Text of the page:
Last week’s column on dividends offering the best indicator of company performance prompted a reader to ask an excellent question: Why don’t we hear more about dividends on the financial news networks? Frankly, because they just aren’t very exciting — like watching paint dry or tortoises race or glaciers melt.
The rest of my column can be read here: The Arizona Republic
This week I talk about the multiple benefits of owning stocks that pay a dividend. Not only does the dividend contribute to your total return but it provides you with insight from the management team and the board. Please read here: The Arizona Republic
Growth stocks occupy the majority of investor and media mind share. More air time is spent on the sales and earnings growth of companies like Tesla, Chipotle and Netflix than their slower-growing counterparts. These high fliers are trend leaders and their stock price performance, while volatile, is generally volatile to the upside.
Until it isn’t. When one of the growth darlings slips and reports an unexpected earnings miss, a once buoyant stock price can tank in a New York minute. Take Whole Foods (stock ticker: WFM).
For the remainder of the column click here: The Arizona Republic
On August 21st of 2013, I wrote a syndicated blog post for The Motley Fool which I linked here. In that post I suggested that investors consider building a position in the extremely unpopular shares of Oracle Corp (ORCL). At that time it was difficult to find a Wall Street analyst or financial news pundit with a positive comment on the stock. Most were convinced that legendary CEO, Larry Ellison had suddenly lost his mojo. He didn’t understand the “cloud” they exclaimed and wasn’t likely to recover from the misstep. Having watched Ellison and the company for some twenty plus years, I was unwilling to sell him short. He is a tough competitor and an outstanding leader. Love him or hate him, you simply can’t argue with his track record in building wealth for himself and his shareholders. I suggested in my post that he understood cloud computing and was in the process of making strategic acquisitions to right-size the company’s future.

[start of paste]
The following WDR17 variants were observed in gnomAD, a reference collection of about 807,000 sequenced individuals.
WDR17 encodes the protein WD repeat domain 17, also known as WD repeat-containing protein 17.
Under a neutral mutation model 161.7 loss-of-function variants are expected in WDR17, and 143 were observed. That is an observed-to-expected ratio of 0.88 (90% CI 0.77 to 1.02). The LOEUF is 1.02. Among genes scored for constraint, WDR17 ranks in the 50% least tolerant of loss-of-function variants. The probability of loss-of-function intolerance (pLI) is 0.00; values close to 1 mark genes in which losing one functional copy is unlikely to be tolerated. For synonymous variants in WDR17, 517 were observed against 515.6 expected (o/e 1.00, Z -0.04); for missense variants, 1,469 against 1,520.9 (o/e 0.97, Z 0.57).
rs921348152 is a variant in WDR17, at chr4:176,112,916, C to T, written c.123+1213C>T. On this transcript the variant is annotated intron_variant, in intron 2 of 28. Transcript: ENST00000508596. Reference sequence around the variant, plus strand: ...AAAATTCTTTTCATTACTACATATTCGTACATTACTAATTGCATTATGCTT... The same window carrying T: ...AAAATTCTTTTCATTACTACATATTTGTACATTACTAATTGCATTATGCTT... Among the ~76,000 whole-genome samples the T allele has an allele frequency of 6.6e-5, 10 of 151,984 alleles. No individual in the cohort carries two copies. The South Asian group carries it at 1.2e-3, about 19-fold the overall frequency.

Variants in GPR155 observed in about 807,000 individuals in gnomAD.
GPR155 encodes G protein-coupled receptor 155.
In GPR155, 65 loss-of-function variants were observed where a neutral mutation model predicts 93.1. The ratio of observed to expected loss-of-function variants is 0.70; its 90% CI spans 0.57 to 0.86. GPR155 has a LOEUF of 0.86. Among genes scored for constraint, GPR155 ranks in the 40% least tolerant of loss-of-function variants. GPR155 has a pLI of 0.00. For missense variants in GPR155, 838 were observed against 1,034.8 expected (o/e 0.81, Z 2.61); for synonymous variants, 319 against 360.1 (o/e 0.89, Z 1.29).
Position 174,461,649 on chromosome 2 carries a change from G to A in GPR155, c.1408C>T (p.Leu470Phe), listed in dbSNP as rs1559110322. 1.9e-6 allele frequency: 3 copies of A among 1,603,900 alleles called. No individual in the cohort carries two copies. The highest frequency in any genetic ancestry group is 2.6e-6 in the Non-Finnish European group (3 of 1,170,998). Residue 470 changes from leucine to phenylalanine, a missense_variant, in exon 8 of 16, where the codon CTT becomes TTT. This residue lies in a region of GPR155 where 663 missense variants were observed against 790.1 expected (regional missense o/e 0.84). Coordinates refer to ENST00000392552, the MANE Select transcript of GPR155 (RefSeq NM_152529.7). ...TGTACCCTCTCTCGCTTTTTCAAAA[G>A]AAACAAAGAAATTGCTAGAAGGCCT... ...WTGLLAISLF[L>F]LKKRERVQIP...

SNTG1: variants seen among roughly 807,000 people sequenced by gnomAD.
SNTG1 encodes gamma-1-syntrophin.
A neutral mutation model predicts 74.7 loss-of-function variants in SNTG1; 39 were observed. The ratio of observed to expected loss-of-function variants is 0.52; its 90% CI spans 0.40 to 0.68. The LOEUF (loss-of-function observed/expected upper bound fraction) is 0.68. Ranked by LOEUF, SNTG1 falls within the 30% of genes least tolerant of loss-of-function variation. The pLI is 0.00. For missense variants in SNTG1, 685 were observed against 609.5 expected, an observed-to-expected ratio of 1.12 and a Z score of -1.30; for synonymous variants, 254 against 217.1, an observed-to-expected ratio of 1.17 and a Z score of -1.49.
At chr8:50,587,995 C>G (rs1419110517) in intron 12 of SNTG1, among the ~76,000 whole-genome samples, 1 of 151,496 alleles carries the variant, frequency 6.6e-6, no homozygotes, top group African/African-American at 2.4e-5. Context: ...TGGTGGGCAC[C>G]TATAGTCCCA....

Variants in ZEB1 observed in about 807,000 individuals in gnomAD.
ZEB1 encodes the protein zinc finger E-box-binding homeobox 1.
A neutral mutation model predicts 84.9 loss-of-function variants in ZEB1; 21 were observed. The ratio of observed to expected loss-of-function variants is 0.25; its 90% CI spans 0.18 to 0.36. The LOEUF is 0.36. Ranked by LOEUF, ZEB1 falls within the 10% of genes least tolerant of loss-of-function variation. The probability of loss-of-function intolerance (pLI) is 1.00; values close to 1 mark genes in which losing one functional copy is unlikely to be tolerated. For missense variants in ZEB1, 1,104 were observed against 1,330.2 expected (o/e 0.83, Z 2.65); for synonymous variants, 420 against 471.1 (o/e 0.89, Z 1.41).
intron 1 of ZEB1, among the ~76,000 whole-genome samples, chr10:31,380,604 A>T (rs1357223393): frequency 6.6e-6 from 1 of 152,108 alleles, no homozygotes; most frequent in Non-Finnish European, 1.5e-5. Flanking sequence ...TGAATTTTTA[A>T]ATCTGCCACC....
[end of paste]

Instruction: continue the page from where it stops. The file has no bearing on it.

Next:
Since that post the total return for the stock is a positive 28.5% versus 15.7% for the S& P 500.
Lest you think I am declaring victory, I am not. I’ve been investing too long to make that mistake. There will–at some point–be another problem. The stock will likely go through another period of difficulty. Which may just provide another opportunity for savvy investors to buy. When we own shares of great companies–what I call stocks to own for a lifetime– problems often create an investing opportunity. The question we learn to ask when these companies encounter operating hiccups and stock price declines is: does the management team have the financial and strategic wherewithal to solve the problem? The Wall Street crowd obviously has doubts which is why the stock price has declined, but often management is in the process of fixing the problem just when investors expectations and the stock price reach their nadir. Remember that Wall Street and the financial news pundits have a short-term focus. Ours should be long-term.
And, frequently, their disaster is our opportunity.
Click here to read my current column in The Arizona Republic. This week we are exploring the “Buggy Whip” factor. As technology and fashion trends change, savvy management teams will avoid going the way of the buggy whip–into extinction–when automobiles replaced horse drawn carriages at the dawn of the last century.
We take a close look at Coach. The company is facing tough competition from Kors and Kate Spade and provides us with an excellent, real-time example.
Feel free to post a comment, ask a question or invite others to follow along.
Until next week,